Hurdy Gurdy during the renaissance
The hurdy gurdy in the renaissance has a lot of mentions, it’s featured in many etchings during the fifteenth century, it’s often called lyra, lira or leier.
When academics look at the role of the hurdy gurdy in this period they often stress the use of our instrument in the hands of beggars. We are facing a situation where most likely people of wealth of the period seen farmers who couldn’t work their lands in winter and automatically classified them as beggars.
we can’t assume that the instrument was marginal and played badly, as peasants and farmers would often use the hurdy gurdy in party settings in summer and show their talents to get money when there was necessity.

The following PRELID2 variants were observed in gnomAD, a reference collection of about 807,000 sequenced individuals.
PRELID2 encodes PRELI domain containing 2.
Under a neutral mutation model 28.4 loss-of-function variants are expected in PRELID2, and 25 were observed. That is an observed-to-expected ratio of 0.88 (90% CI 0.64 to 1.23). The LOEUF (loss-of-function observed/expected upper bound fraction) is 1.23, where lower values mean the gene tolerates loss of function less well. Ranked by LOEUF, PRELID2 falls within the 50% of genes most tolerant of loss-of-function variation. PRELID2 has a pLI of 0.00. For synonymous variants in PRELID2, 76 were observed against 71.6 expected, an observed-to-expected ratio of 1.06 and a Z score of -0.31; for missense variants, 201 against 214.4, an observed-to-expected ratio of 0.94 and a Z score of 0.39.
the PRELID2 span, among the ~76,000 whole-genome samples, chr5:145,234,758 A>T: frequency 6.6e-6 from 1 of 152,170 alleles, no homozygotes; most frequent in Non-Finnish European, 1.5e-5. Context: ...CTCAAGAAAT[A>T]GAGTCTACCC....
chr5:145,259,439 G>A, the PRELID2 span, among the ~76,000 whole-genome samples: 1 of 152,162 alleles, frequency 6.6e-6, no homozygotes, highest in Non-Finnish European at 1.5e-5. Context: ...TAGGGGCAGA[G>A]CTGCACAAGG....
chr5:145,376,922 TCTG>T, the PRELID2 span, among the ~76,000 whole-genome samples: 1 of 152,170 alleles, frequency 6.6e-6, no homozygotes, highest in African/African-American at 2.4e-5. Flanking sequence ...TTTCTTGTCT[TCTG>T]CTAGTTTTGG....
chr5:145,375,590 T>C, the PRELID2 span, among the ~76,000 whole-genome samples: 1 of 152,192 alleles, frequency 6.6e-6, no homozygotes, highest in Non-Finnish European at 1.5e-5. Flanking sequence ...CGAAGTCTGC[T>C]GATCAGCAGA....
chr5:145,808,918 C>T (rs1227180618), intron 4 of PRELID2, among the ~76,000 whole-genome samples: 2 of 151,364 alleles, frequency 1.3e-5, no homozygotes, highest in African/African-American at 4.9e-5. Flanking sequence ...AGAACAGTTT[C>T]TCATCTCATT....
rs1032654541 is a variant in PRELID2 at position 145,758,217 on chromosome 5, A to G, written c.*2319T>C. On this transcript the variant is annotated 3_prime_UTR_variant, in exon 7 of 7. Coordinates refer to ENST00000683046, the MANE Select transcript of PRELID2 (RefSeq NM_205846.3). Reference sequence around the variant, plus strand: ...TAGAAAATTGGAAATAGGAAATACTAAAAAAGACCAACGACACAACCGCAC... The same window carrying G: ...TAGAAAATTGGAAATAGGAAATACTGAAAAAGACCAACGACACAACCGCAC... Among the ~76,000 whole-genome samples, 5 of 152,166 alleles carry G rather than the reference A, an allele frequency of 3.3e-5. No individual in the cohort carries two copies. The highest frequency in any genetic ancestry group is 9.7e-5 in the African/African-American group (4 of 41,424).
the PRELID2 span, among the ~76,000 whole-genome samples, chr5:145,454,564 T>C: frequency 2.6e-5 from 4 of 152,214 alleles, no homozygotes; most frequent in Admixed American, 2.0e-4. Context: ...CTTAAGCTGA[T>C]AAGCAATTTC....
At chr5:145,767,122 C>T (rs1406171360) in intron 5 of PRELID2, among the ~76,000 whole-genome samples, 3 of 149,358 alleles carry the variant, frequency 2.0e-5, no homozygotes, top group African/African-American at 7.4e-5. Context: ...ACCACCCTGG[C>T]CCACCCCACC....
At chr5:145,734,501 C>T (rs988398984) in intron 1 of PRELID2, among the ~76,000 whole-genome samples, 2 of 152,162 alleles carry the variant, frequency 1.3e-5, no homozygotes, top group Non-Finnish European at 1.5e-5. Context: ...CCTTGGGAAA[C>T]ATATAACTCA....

There’s also evidence of hurdy gurdy beeing played in renaissance courts, as shown in the description of “the feast of the phesant” 17 Februrary of 1454.
This was a big feast by Duke Philip the good of burgundy to celebrate the fall of constantinople. in This big event we have register of two musicians playing hurdy gurdy, Jehan de Cardoval and Jehan Fernandez.
There’s also a register of payments in 1419 from John the fearless to musicians of the court of Philip of Burgundy featuring 12 hurdy gurdy players!
Despite this proof of the hurdy gurdy in secular life, we also have proof of its use in religious settings, with plenty of registers of illuminations and mentions in manuscripts of the period, such as Sfoza Book of hours or in the codex of Coburg.